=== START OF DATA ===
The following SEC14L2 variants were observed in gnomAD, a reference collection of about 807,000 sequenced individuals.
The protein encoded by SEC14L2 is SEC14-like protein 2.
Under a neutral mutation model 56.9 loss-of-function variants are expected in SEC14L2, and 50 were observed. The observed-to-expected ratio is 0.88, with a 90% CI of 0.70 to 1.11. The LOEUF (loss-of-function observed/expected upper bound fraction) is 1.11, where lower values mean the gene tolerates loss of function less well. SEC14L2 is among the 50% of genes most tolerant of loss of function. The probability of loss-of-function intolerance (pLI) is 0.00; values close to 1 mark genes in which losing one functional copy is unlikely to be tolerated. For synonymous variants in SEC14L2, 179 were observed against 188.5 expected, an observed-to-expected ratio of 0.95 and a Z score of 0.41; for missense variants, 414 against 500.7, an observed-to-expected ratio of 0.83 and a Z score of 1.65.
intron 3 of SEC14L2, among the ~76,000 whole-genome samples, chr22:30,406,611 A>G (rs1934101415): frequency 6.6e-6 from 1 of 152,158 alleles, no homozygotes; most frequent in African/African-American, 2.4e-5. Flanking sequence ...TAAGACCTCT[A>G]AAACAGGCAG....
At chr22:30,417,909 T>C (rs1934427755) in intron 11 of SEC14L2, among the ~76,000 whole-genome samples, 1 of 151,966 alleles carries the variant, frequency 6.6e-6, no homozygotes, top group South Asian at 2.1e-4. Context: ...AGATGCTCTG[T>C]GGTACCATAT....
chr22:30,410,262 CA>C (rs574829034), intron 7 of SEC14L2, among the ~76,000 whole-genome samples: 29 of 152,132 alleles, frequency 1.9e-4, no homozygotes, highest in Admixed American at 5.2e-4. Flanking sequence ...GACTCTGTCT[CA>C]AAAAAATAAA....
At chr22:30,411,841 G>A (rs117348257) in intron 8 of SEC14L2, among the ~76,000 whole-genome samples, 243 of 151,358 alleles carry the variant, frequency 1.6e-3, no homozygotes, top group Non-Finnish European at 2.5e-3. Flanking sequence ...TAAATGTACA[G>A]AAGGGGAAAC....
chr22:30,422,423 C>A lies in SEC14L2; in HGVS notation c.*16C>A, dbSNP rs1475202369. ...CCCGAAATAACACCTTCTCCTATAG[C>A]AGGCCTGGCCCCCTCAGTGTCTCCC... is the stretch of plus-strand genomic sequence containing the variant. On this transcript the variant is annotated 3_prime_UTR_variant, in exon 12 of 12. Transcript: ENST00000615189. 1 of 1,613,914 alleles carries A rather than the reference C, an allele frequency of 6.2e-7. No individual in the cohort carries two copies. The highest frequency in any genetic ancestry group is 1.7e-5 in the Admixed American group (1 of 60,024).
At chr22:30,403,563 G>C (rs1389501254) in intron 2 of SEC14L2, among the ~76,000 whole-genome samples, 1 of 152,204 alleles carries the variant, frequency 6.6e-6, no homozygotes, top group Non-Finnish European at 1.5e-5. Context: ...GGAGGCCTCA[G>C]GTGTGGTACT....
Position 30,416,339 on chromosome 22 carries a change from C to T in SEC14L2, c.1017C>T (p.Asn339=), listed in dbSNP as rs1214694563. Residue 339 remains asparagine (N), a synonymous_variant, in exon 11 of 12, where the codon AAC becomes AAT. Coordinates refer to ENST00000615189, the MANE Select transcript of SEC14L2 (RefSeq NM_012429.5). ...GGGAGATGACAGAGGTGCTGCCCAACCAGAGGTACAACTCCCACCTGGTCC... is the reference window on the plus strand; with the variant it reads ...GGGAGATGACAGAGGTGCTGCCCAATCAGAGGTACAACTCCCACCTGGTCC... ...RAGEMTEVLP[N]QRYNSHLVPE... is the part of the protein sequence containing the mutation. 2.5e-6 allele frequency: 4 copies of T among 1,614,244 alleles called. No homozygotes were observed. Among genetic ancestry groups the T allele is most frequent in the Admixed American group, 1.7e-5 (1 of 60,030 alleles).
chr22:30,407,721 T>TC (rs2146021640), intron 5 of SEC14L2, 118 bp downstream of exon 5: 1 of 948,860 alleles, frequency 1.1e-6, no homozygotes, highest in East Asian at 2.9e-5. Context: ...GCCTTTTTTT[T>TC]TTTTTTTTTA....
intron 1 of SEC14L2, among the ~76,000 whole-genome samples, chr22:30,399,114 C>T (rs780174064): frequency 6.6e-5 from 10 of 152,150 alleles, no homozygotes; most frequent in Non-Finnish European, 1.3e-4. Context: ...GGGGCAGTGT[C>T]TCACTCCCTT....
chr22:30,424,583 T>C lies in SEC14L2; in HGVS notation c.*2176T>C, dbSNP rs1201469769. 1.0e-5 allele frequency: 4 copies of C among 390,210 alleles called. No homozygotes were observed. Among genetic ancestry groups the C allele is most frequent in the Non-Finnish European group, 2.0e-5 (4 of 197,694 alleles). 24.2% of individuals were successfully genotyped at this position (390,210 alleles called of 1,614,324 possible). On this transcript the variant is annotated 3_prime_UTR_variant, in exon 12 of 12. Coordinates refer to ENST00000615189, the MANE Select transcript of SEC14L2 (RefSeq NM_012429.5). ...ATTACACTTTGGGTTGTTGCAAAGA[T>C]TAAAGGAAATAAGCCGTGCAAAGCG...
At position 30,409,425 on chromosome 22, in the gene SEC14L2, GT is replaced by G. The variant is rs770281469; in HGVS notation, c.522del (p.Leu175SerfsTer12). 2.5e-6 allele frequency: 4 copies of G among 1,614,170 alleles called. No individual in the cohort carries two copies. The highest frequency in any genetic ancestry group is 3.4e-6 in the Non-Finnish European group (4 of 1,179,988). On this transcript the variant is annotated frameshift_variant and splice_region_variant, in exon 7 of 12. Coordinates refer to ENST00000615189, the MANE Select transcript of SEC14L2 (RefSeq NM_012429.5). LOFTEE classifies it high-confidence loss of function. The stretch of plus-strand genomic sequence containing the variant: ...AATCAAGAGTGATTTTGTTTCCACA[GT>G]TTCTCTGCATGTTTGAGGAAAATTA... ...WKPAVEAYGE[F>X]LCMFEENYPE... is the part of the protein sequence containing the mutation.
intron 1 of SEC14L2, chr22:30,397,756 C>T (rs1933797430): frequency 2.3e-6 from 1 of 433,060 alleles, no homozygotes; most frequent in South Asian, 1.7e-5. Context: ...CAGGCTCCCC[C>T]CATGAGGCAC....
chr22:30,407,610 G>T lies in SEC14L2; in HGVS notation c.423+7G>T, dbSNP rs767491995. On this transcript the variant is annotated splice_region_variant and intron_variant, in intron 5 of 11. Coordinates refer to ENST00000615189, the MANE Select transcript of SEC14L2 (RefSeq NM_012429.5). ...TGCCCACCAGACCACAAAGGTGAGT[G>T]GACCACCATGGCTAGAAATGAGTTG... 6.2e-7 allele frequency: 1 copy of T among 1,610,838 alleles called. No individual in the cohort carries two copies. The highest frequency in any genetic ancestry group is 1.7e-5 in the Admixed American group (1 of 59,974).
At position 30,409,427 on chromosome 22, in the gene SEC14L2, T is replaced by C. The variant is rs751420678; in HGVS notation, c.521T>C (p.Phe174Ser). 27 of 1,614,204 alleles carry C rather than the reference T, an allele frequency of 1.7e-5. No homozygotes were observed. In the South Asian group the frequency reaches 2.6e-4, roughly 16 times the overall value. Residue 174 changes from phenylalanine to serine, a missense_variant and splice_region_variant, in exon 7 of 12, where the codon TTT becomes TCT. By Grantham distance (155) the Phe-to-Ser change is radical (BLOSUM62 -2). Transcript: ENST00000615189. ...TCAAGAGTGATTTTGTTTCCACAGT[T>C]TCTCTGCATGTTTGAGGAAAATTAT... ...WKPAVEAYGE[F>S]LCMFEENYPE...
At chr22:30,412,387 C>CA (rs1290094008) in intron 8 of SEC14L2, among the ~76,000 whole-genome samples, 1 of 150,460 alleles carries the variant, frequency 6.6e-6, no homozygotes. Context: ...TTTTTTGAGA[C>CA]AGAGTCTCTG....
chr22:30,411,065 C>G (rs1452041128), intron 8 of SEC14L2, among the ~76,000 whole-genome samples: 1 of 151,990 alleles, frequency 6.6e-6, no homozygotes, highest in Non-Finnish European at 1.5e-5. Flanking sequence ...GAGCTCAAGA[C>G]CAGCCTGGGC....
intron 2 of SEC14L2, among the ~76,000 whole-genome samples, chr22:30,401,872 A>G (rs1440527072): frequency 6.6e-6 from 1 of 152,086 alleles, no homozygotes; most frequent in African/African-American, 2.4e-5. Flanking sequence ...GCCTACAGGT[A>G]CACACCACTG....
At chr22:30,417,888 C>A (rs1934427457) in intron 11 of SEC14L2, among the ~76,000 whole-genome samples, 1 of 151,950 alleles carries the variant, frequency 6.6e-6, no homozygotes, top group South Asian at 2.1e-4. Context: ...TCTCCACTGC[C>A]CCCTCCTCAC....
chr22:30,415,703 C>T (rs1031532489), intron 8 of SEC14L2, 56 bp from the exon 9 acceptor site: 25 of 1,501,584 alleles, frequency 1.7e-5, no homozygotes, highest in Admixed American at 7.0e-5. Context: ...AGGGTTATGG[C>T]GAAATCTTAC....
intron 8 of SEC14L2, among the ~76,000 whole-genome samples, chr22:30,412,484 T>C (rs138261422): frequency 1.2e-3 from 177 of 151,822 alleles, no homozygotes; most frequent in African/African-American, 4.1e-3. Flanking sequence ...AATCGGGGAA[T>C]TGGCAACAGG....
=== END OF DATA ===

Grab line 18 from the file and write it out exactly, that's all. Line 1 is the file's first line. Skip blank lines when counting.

At chr22:30,412,387 C>CA (rs1290094008) in intron 8 of SEC14L2, among the ~76,000 whole-genome samples, 1 of 150,460 alleles carries the variant, frequency 6.6e-6, no homozygotes. Context: ...TTTTTTGAGA[C>CA]AGAGTCTCTG....